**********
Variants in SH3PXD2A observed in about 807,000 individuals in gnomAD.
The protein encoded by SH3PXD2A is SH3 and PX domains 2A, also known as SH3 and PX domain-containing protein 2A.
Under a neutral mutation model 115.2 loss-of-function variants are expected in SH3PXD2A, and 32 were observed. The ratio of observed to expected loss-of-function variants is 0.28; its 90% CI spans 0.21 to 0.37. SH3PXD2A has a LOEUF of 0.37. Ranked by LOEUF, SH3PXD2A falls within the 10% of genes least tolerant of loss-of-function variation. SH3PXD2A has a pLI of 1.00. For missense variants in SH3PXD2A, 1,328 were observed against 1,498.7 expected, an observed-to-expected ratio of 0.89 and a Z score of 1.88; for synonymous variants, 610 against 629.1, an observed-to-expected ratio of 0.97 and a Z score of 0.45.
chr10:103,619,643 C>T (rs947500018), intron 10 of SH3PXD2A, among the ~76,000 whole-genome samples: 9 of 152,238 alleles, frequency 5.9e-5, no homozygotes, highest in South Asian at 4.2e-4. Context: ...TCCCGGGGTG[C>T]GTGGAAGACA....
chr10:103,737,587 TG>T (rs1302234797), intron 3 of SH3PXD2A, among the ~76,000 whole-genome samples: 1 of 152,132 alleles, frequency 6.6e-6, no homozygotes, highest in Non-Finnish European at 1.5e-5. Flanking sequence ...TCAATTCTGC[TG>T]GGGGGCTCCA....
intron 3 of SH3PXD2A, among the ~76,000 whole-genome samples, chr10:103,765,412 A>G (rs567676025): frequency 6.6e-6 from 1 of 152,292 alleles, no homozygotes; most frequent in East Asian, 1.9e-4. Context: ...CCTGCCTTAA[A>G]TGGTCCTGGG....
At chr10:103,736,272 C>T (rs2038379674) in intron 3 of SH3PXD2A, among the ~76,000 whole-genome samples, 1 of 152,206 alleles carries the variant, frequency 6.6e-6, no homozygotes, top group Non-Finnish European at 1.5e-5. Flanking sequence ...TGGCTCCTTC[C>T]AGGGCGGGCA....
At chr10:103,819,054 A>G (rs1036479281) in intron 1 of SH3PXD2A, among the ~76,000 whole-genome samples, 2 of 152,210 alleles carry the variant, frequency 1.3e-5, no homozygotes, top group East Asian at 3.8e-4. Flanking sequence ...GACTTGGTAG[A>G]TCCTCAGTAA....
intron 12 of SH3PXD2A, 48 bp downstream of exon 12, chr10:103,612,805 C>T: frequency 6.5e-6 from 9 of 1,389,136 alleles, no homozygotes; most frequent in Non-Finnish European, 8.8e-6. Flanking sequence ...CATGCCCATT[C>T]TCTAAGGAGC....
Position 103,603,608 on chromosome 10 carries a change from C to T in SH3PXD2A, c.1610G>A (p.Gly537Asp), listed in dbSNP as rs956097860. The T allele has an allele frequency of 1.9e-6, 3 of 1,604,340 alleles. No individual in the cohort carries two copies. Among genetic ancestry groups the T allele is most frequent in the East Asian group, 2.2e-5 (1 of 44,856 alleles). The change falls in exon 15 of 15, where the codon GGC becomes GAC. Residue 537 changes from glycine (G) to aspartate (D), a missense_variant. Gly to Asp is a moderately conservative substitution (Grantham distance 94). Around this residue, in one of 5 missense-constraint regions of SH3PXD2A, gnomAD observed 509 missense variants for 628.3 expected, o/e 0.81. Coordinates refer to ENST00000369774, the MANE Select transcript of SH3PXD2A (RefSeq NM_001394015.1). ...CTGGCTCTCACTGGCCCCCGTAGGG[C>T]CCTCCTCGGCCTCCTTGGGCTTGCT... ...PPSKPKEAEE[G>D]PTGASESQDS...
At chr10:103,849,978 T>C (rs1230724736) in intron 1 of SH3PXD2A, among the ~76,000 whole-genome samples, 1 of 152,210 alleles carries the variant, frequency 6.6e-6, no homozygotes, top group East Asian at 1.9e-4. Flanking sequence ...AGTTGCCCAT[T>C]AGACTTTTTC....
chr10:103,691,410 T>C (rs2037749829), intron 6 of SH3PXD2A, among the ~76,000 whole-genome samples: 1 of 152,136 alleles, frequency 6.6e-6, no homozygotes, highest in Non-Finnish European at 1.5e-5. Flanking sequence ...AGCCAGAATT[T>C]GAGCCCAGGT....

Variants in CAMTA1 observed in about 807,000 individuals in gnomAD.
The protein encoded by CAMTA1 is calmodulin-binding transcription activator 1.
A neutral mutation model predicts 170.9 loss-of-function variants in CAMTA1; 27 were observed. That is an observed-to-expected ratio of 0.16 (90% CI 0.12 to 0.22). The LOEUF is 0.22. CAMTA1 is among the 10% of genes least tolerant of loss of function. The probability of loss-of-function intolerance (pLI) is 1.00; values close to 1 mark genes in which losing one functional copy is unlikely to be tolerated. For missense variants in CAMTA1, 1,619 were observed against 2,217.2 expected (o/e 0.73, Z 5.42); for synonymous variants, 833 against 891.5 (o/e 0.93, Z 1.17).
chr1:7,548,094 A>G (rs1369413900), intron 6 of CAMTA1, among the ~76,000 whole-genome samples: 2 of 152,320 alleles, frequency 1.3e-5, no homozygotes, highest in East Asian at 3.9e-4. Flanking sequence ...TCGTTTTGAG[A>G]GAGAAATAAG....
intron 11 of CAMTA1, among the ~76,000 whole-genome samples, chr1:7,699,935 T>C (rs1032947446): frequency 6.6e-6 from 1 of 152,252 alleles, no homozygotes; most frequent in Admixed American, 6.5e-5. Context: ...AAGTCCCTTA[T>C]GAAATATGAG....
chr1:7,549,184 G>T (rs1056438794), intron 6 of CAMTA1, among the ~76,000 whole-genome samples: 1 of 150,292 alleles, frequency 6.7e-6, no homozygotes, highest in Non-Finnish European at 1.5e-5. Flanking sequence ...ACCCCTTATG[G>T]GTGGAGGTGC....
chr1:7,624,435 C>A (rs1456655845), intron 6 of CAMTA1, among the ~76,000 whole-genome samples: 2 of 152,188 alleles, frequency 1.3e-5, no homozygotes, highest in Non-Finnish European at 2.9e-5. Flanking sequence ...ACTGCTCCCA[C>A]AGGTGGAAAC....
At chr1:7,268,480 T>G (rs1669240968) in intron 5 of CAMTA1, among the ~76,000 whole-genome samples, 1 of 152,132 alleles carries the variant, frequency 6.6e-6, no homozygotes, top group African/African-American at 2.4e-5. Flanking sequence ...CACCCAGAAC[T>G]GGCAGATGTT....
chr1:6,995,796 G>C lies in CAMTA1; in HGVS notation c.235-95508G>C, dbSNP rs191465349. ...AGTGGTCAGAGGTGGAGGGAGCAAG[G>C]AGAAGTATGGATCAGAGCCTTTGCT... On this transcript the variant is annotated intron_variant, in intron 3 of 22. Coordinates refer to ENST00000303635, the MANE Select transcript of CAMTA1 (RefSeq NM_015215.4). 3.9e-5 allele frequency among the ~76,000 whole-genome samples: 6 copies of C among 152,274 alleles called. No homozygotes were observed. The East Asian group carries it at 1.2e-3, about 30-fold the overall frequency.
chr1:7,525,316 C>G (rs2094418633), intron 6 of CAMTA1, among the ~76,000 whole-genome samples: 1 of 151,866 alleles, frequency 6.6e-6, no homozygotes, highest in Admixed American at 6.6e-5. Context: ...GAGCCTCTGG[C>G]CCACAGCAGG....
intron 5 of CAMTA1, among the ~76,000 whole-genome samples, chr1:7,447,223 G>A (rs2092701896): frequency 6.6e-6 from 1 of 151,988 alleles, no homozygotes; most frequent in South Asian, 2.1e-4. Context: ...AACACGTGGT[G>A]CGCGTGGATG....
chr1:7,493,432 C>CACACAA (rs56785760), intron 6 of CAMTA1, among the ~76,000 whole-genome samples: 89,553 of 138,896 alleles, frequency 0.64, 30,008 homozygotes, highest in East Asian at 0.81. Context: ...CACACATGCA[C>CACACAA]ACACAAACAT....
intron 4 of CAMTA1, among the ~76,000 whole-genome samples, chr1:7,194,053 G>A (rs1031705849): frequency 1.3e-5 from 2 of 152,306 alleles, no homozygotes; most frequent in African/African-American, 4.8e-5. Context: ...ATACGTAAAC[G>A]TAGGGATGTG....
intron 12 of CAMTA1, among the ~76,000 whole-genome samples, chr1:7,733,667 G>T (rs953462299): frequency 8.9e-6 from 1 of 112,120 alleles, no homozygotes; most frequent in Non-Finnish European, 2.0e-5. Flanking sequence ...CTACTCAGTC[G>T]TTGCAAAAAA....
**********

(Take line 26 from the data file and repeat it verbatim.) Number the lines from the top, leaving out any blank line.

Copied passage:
intron 12 of CAMTA1, among the ~76,000 whole-genome samples, chr1:7,733,667 G>T (rs953462299): frequency 8.9e-6 from 1 of 112,120 alleles, no homozygotes; most frequent in Non-Finnish European, 2.0e-5. Flanking sequence ...CTACTCAGTC[G>T]TTGCAAAAAA....